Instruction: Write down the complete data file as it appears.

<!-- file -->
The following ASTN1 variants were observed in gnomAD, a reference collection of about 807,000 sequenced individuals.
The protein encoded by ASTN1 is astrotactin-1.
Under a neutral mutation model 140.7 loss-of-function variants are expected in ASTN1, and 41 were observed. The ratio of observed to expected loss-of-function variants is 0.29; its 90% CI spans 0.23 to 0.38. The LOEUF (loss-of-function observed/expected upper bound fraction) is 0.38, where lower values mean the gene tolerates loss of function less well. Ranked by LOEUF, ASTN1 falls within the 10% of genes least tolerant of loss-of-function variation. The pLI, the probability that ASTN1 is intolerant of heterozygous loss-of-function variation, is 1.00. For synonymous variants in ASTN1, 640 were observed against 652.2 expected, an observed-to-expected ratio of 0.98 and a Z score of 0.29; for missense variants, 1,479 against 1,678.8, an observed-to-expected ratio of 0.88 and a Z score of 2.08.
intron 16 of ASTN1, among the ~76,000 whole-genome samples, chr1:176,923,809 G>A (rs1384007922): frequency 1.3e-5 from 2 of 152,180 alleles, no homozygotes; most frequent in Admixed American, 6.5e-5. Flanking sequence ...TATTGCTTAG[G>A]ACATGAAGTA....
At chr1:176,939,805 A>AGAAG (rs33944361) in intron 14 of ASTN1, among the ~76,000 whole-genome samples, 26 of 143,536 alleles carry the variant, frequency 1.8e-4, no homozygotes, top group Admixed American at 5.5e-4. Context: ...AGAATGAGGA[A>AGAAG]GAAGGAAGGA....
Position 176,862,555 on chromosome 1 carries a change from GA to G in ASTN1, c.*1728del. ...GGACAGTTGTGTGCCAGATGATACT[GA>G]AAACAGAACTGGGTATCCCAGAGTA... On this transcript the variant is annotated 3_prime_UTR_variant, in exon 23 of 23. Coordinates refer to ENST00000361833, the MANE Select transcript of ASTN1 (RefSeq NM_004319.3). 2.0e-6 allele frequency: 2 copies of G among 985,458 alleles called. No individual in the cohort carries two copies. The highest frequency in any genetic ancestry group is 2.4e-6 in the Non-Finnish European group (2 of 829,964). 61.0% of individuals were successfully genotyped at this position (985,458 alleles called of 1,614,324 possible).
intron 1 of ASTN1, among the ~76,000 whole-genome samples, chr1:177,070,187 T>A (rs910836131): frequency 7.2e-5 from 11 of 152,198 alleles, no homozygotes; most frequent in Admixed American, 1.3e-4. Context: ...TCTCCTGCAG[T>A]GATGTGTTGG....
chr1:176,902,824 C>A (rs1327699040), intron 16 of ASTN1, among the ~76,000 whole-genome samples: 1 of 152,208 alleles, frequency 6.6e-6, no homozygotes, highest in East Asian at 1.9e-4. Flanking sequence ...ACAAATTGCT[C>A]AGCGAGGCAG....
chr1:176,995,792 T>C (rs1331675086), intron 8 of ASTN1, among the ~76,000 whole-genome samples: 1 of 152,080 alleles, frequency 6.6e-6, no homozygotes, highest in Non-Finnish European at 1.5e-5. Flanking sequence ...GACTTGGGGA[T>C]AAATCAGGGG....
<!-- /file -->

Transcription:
The following ASTN1 variants were observed in gnomAD, a reference collection of about 807,000 sequenced individuals.
The protein encoded by ASTN1 is astrotactin-1.
Under a neutral mutation model 140.7 loss-of-function variants are expected in ASTN1, and 41 were observed. The ratio of observed to expected loss-of-function variants is 0.29; its 90% CI spans 0.23 to 0.38. The LOEUF (loss-of-function observed/expected upper bound fraction) is 0.38, where lower values mean the gene tolerates loss of function less well. Ranked by LOEUF, ASTN1 falls within the 10% of genes least tolerant of loss-of-function variation. The pLI, the probability that ASTN1 is intolerant of heterozygous loss-of-function variation, is 1.00. For synonymous variants in ASTN1, 640 were observed against 652.2 expected, an observed-to-expected ratio of 0.98 and a Z score of 0.29; for missense variants, 1,479 against 1,678.8, an observed-to-expected ratio of 0.88 and a Z score of 2.08.
intron 16 of ASTN1, among the ~76,000 whole-genome samples, chr1:176,923,809 G>A (rs1384007922): frequency 1.3e-5 from 2 of 152,180 alleles, no homozygotes; most frequent in Admixed American, 6.5e-5. Flanking sequence ...TATTGCTTAG[G>A]ACATGAAGTA....
At chr1:176,939,805 A>AGAAG (rs33944361) in intron 14 of ASTN1, among the ~76,000 whole-genome samples, 26 of 143,536 alleles carry the variant, frequency 1.8e-4, no homozygotes, top group Admixed American at 5.5e-4. Context: ...AGAATGAGGA[A>AGAAG]GAAGGAAGGA....
Position 176,862,555 on chromosome 1 carries a change from GA to G in ASTN1, c.*1728del. ...GGACAGTTGTGTGCCAGATGATACT[GA>G]AAACAGAACTGGGTATCCCAGAGTA... On this transcript the variant is annotated 3_prime_UTR_variant, in exon 23 of 23. Coordinates refer to ENST00000361833, the MANE Select transcript of ASTN1 (RefSeq NM_004319.3). 2.0e-6 allele frequency: 2 copies of G among 985,458 alleles called. No individual in the cohort carries two copies. The highest frequency in any genetic ancestry group is 2.4e-6 in the Non-Finnish European group (2 of 829,964). 61.0% of individuals were successfully genotyped at this position (985,458 alleles called of 1,614,324 possible).
intron 1 of ASTN1, among the ~76,000 whole-genome samples, chr1:177,070,187 T>A (rs910836131): frequency 7.2e-5 from 11 of 152,198 alleles, no homozygotes; most frequent in Admixed American, 1.3e-4. Context: ...TCTCCTGCAG[T>A]GATGTGTTGG....
chr1:176,902,824 C>A (rs1327699040), intron 16 of ASTN1, among the ~76,000 whole-genome samples: 1 of 152,208 alleles, frequency 6.6e-6, no homozygotes, highest in East Asian at 1.9e-4. Flanking sequence ...ACAAATTGCT[C>A]AGCGAGGCAG....
chr1:176,995,792 T>C (rs1331675086), intron 8 of ASTN1, among the ~76,000 whole-genome samples: 1 of 152,080 alleles, frequency 6.6e-6, no homozygotes, highest in Non-Finnish European at 1.5e-5. Flanking sequence ...GACTTGGGGA[T>C]AAATCAGGGG....